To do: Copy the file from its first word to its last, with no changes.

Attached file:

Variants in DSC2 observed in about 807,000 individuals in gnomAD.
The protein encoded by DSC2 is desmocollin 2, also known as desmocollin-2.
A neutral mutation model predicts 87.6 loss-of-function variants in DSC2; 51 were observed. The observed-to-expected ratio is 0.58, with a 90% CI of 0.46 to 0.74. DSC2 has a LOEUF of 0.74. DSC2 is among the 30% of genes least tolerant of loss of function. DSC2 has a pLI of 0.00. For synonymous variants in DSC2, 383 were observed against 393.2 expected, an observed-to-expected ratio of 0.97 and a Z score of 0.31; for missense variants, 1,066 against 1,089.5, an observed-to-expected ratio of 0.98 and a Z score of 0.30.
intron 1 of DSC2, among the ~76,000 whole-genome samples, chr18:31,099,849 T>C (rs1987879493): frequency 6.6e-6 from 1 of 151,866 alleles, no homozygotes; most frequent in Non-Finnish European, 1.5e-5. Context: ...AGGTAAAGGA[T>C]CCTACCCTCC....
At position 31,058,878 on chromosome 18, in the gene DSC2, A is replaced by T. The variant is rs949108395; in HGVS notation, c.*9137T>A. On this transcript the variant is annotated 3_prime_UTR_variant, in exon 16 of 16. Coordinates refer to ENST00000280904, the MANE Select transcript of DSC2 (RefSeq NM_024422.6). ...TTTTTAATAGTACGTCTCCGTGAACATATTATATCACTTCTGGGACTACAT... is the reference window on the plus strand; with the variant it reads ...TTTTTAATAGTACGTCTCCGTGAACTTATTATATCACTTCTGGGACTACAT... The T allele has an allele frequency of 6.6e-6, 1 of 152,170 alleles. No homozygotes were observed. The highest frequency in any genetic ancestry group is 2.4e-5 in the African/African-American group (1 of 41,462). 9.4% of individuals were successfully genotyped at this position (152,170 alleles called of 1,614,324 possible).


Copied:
Variants in DSC2 observed in about 807,000 individuals in gnomAD.
The protein encoded by DSC2 is desmocollin 2, also known as desmocollin-2.
A neutral mutation model predicts 87.6 loss-of-function variants in DSC2; 51 were observed. The observed-to-expected ratio is 0.58, with a 90% CI of 0.46 to 0.74. DSC2 has a LOEUF of 0.74. DSC2 is among the 30% of genes least tolerant of loss of function. DSC2 has a pLI of 0.00. For synonymous variants in DSC2, 383 were observed against 393.2 expected, an observed-to-expected ratio of 0.97 and a Z score of 0.31; for missense variants, 1,066 against 1,089.5, an observed-to-expected ratio of 0.98 and a Z score of 0.30.
intron 1 of DSC2, among the ~76,000 whole-genome samples, chr18:31,099,849 T>C (rs1987879493): frequency 6.6e-6 from 1 of 151,866 alleles, no homozygotes; most frequent in Non-Finnish European, 1.5e-5. Context: ...AGGTAAAGGA[T>C]CCTACCCTCC....
At position 31,058,878 on chromosome 18, in the gene DSC2, A is replaced by T. The variant is rs949108395; in HGVS notation, c.*9137T>A. On this transcript the variant is annotated 3_prime_UTR_variant, in exon 16 of 16. Coordinates refer to ENST00000280904, the MANE Select transcript of DSC2 (RefSeq NM_024422.6). ...TTTTTAATAGTACGTCTCCGTGAACATATTATATCACTTCTGGGACTACAT... is the reference window on the plus strand; with the variant it reads ...TTTTTAATAGTACGTCTCCGTGAACTTATTATATCACTTCTGGGACTACAT... The T allele has an allele frequency of 6.6e-6, 1 of 152,170 alleles. No homozygotes were observed. The highest frequency in any genetic ancestry group is 2.4e-5 in the African/African-American group (1 of 41,462). 9.4% of individuals were successfully genotyped at this position (152,170 alleles called of 1,614,324 possible).